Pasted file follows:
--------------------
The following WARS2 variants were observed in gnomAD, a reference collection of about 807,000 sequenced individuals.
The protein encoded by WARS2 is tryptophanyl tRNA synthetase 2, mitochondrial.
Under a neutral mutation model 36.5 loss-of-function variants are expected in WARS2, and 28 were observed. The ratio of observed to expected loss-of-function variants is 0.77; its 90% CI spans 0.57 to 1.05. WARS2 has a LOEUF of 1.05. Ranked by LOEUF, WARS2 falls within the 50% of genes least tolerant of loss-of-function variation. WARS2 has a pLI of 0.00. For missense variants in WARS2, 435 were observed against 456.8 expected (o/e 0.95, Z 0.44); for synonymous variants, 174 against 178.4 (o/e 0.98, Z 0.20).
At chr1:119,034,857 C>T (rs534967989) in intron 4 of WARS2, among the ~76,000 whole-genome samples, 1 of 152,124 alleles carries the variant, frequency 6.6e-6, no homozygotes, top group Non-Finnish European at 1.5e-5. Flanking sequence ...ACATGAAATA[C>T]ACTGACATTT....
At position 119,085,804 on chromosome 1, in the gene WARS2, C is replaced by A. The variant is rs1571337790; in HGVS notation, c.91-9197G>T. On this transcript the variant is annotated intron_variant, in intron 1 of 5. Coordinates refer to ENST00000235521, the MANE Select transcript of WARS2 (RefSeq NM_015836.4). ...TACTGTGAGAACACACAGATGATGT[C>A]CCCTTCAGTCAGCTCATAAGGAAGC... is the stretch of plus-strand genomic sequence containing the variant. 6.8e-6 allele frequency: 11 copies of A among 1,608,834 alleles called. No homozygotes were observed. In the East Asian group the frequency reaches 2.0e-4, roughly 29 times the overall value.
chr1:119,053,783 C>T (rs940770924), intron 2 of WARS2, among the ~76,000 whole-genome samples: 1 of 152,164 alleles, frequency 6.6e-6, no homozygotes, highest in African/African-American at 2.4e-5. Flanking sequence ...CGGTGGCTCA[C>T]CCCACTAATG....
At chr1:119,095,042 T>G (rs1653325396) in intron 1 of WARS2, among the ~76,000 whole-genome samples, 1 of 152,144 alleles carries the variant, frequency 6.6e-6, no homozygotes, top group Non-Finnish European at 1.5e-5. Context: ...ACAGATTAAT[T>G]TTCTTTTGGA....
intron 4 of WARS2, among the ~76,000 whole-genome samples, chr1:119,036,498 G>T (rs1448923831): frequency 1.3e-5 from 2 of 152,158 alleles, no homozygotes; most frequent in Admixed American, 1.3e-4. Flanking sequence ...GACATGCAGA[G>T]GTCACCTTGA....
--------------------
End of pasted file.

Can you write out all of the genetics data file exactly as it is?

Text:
The following WARS2 variants were observed in gnomAD, a reference collection of about 807,000 sequenced individuals.
The protein encoded by WARS2 is tryptophanyl tRNA synthetase 2, mitochondrial.
Under a neutral mutation model 36.5 loss-of-function variants are expected in WARS2, and 28 were observed. The ratio of observed to expected loss-of-function variants is 0.77; its 90% CI spans 0.57 to 1.05. WARS2 has a LOEUF of 1.05. Ranked by LOEUF, WARS2 falls within the 50% of genes least tolerant of loss-of-function variation. WARS2 has a pLI of 0.00. For missense variants in WARS2, 435 were observed against 456.8 expected (o/e 0.95, Z 0.44); for synonymous variants, 174 against 178.4 (o/e 0.98, Z 0.20).
At chr1:119,034,857 C>T (rs534967989) in intron 4 of WARS2, among the ~76,000 whole-genome samples, 1 of 152,124 alleles carries the variant, frequency 6.6e-6, no homozygotes, top group Non-Finnish European at 1.5e-5. Flanking sequence ...ACATGAAATA[C>T]ACTGACATTT....
At position 119,085,804 on chromosome 1, in the gene WARS2, C is replaced by A. The variant is rs1571337790; in HGVS notation, c.91-9197G>T. On this transcript the variant is annotated intron_variant, in intron 1 of 5. Coordinates refer to ENST00000235521, the MANE Select transcript of WARS2 (RefSeq NM_015836.4). ...TACTGTGAGAACACACAGATGATGT[C>A]CCCTTCAGTCAGCTCATAAGGAAGC... is the stretch of plus-strand genomic sequence containing the variant. 6.8e-6 allele frequency: 11 copies of A among 1,608,834 alleles called. No homozygotes were observed. In the East Asian group the frequency reaches 2.0e-4, roughly 29 times the overall value.
chr1:119,053,783 C>T (rs940770924), intron 2 of WARS2, among the ~76,000 whole-genome samples: 1 of 152,164 alleles, frequency 6.6e-6, no homozygotes, highest in African/African-American at 2.4e-5. Flanking sequence ...CGGTGGCTCA[C>T]CCCACTAATG....
At chr1:119,095,042 T>G (rs1653325396) in intron 1 of WARS2, among the ~76,000 whole-genome samples, 1 of 152,144 alleles carries the variant, frequency 6.6e-6, no homozygotes, top group Non-Finnish European at 1.5e-5. Context: ...ACAGATTAAT[T>G]TTCTTTTGGA....
intron 4 of WARS2, among the ~76,000 whole-genome samples, chr1:119,036,498 G>T (rs1448923831): frequency 1.3e-5 from 2 of 152,158 alleles, no homozygotes; most frequent in Admixed American, 1.3e-4. Flanking sequence ...GACATGCAGA[G>T]GTCACCTTGA....